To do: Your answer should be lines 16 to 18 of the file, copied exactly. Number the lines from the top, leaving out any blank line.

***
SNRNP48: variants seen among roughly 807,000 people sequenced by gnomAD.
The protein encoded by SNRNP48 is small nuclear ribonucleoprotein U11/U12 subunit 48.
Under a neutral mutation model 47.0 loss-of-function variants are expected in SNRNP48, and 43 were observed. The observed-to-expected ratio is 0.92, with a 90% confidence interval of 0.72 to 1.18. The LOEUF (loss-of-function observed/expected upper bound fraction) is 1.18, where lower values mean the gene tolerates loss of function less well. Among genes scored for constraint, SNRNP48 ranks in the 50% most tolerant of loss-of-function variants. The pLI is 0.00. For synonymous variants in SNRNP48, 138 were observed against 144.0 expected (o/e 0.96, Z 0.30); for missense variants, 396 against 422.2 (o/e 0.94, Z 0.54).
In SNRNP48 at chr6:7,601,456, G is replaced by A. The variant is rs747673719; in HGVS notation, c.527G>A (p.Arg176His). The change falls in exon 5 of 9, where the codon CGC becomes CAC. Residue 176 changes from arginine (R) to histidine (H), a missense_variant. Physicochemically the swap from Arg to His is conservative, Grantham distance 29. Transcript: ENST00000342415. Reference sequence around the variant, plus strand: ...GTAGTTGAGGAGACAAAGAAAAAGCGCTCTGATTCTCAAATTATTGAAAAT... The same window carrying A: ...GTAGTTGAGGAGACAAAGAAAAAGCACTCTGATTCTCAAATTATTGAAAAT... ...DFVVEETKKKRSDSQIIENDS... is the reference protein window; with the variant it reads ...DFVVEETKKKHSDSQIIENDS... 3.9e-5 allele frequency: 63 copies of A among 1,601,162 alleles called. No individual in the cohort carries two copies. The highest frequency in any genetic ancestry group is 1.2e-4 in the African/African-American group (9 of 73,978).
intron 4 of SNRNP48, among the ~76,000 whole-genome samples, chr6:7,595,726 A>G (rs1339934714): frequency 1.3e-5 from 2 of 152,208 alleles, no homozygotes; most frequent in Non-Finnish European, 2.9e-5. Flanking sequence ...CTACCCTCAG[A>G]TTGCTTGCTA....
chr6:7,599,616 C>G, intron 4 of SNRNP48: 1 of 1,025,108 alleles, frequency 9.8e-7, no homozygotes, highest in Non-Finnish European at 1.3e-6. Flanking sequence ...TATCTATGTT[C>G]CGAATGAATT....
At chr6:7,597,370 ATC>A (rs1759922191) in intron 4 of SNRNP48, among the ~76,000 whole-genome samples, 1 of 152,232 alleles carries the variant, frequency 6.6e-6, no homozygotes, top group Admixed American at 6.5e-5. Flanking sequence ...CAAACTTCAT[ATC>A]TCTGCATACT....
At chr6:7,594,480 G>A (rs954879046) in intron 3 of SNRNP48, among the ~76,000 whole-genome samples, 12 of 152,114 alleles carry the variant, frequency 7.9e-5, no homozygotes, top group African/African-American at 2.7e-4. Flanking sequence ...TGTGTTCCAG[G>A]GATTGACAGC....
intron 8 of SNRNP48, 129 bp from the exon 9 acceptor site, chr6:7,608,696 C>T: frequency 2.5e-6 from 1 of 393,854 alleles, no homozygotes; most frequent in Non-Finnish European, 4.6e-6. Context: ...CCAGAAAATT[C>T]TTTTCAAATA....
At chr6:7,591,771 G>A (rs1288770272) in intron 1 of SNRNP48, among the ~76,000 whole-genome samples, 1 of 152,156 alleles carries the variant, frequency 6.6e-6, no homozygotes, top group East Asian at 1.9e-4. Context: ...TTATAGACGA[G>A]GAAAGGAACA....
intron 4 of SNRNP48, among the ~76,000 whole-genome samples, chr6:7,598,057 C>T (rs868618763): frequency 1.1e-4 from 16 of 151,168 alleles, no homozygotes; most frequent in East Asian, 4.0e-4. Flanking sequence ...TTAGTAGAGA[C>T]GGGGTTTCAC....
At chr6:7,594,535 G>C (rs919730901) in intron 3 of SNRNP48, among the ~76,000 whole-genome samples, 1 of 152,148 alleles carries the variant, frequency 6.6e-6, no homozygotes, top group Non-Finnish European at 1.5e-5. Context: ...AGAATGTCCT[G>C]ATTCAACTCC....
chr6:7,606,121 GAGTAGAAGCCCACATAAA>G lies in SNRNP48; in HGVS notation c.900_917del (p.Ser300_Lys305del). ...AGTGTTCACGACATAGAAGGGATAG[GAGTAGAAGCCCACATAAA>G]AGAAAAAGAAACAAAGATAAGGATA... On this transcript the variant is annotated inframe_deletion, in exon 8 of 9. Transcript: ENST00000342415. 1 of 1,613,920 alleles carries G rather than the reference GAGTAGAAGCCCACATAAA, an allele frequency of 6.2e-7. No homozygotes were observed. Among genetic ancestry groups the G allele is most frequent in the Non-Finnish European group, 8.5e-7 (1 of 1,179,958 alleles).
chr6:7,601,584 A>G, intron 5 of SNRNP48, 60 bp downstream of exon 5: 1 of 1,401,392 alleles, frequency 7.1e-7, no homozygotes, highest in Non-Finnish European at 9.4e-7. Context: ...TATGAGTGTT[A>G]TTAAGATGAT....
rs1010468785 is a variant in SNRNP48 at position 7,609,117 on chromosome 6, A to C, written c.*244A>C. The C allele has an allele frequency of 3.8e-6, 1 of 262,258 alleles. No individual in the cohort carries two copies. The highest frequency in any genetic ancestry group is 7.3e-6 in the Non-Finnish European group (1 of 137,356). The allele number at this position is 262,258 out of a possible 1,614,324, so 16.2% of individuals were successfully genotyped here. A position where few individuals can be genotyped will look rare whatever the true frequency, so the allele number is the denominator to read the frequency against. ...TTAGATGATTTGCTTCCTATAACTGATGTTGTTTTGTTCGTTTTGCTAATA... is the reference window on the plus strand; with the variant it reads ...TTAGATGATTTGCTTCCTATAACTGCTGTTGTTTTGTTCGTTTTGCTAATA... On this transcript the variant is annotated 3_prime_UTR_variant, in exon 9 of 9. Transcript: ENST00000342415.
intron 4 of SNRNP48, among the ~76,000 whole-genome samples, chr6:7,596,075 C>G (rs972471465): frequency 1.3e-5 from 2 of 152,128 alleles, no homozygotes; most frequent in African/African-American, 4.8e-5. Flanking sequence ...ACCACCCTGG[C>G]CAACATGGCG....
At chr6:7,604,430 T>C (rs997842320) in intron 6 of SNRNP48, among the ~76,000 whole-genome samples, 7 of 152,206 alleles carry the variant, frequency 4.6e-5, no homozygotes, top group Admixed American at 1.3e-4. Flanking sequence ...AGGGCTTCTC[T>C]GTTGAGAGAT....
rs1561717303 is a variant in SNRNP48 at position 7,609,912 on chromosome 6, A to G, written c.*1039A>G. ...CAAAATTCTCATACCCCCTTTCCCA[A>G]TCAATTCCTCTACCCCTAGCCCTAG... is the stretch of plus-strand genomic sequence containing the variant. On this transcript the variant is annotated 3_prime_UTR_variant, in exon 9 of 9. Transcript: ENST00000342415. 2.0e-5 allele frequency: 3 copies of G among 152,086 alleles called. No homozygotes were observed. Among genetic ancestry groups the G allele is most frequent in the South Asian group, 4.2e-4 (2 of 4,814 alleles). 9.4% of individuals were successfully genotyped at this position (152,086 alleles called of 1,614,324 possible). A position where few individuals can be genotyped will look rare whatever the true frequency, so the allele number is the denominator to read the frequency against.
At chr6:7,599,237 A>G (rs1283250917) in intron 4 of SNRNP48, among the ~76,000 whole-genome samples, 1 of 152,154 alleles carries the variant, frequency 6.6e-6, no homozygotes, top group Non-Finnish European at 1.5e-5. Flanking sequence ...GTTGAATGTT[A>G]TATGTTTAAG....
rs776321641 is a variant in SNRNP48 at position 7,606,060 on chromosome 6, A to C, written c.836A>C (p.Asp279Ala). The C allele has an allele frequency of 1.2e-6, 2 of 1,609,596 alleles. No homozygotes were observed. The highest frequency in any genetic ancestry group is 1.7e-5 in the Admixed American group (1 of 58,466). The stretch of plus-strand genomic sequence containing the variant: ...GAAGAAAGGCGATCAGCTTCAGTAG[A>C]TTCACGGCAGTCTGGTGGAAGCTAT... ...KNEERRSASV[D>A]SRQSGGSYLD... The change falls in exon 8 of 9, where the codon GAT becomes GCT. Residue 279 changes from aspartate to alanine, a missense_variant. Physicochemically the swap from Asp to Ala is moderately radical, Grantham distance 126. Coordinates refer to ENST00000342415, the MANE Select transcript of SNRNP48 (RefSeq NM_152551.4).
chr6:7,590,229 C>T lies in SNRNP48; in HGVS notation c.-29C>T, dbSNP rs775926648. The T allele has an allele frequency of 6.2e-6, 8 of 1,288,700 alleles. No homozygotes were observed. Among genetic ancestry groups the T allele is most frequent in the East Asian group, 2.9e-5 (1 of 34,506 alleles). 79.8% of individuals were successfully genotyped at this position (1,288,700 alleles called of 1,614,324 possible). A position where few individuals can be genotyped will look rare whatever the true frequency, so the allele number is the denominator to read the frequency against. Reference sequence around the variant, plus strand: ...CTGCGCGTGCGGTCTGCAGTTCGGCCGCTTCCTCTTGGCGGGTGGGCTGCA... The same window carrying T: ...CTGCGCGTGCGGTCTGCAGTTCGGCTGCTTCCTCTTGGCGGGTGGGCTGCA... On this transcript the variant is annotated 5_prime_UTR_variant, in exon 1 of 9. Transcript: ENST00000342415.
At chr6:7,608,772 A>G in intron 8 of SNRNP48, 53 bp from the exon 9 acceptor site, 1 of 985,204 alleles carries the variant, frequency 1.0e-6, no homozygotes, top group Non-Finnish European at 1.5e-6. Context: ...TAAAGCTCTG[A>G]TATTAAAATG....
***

intron 4 of SNRNP48, among the ~76,000 whole-genome samples, chr6:7,596,075 C>G (rs972471465): frequency 1.3e-5 from 2 of 152,128 alleles, no homozygotes; most frequent in African/African-American, 4.8e-5. Flanking sequence ...ACCACCCTGG[C>G]CAACATGGCG....
At chr6:7,604,430 T>C (rs997842320) in intron 6 of SNRNP48, among the ~76,000 whole-genome samples, 7 of 152,206 alleles carry the variant, frequency 4.6e-5, no homozygotes, top group Admixed American at 1.3e-4. Flanking sequence ...AGGGCTTCTC[T>C]GTTGAGAGAT....
rs1561717303 is a variant in SNRNP48 at position 7,609,912 on chromosome 6, A to G, written c.*1039A>G. ...CAAAATTCTCATACCCCCTTTCCCA[A>G]TCAATTCCTCTACCCCTAGCCCTAG... is the stretch of plus-strand genomic sequence containing the variant. On this transcript the variant is annotated 3_prime_UTR_variant, in exon 9 of 9. Transcript: ENST00000342415. 2.0e-5 allele frequency: 3 copies of G among 152,086 alleles called. No homozygotes were observed. Among genetic ancestry groups the G allele is most frequent in the South Asian group, 4.2e-4 (2 of 4,814 alleles). 9.4% of individuals were successfully genotyped at this position (152,086 alleles called of 1,614,324 possible). A position where few individuals can be genotyped will look rare whatever the true frequency, so the allele number is the denominator to read the frequency against.